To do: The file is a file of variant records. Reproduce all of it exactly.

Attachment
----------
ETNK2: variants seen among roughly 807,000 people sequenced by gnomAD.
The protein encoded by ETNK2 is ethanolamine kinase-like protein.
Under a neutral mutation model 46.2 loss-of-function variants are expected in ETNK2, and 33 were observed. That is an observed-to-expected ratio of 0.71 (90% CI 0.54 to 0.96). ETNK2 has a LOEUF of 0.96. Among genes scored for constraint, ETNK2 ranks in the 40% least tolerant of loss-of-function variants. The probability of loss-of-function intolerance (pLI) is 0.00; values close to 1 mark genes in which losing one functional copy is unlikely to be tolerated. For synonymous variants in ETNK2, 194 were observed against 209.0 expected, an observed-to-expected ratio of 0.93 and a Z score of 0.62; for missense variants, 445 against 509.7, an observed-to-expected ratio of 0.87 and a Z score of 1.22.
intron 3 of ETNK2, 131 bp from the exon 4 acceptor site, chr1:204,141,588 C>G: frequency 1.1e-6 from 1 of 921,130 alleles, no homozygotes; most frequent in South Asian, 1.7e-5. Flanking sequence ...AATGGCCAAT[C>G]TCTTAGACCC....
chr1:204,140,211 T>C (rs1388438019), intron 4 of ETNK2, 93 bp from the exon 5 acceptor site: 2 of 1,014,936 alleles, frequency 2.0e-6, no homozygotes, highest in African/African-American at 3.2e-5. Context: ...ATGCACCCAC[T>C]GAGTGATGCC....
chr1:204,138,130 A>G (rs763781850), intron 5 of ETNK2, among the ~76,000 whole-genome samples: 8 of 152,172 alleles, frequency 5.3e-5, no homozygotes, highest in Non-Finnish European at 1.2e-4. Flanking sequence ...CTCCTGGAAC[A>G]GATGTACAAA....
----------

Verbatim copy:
ETNK2: variants seen among roughly 807,000 people sequenced by gnomAD.
The protein encoded by ETNK2 is ethanolamine kinase-like protein.
Under a neutral mutation model 46.2 loss-of-function variants are expected in ETNK2, and 33 were observed. That is an observed-to-expected ratio of 0.71 (90% CI 0.54 to 0.96). ETNK2 has a LOEUF of 0.96. Among genes scored for constraint, ETNK2 ranks in the 40% least tolerant of loss-of-function variants. The probability of loss-of-function intolerance (pLI) is 0.00; values close to 1 mark genes in which losing one functional copy is unlikely to be tolerated. For synonymous variants in ETNK2, 194 were observed against 209.0 expected, an observed-to-expected ratio of 0.93 and a Z score of 0.62; for missense variants, 445 against 509.7, an observed-to-expected ratio of 0.87 and a Z score of 1.22.
intron 3 of ETNK2, 131 bp from the exon 4 acceptor site, chr1:204,141,588 C>G: frequency 1.1e-6 from 1 of 921,130 alleles, no homozygotes; most frequent in South Asian, 1.7e-5. Flanking sequence ...AATGGCCAAT[C>G]TCTTAGACCC....
chr1:204,140,211 T>C (rs1388438019), intron 4 of ETNK2, 93 bp from the exon 5 acceptor site: 2 of 1,014,936 alleles, frequency 2.0e-6, no homozygotes, highest in African/African-American at 3.2e-5. Context: ...ATGCACCCAC[T>C]GAGTGATGCC....
chr1:204,138,130 A>G (rs763781850), intron 5 of ETNK2, among the ~76,000 whole-genome samples: 8 of 152,172 alleles, frequency 5.3e-5, no homozygotes, highest in Non-Finnish European at 1.2e-4. Flanking sequence ...CTCCTGGAAC[A>G]GATGTACAAA....